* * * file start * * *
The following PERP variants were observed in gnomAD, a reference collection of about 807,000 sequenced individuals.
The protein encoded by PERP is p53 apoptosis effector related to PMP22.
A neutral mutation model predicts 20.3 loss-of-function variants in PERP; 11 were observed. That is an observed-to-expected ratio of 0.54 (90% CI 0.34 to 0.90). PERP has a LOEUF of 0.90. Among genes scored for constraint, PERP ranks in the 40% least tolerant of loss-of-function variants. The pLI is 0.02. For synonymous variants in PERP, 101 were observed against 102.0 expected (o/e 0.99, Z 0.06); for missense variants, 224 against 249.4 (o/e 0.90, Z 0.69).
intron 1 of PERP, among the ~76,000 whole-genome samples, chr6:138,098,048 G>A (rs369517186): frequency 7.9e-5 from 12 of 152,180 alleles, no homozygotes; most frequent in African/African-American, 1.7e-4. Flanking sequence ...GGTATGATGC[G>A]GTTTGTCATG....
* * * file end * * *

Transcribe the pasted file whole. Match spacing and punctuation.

The following PERP variants were observed in gnomAD, a reference collection of about 807,000 sequenced individuals.
The protein encoded by PERP is p53 apoptosis effector related to PMP22.
A neutral mutation model predicts 20.3 loss-of-function variants in PERP; 11 were observed. That is an observed-to-expected ratio of 0.54 (90% CI 0.34 to 0.90). PERP has a LOEUF of 0.90. Among genes scored for constraint, PERP ranks in the 40% least tolerant of loss-of-function variants. The pLI is 0.02. For synonymous variants in PERP, 101 were observed against 102.0 expected (o/e 0.99, Z 0.06); for missense variants, 224 against 249.4 (o/e 0.90, Z 0.69).
intron 1 of PERP, among the ~76,000 whole-genome samples, chr6:138,098,048 G>A (rs369517186): frequency 7.9e-5 from 12 of 152,180 alleles, no homozygotes; most frequent in African/African-American, 1.7e-4. Flanking sequence ...GGTATGATGC[G>A]GTTTGTCATG....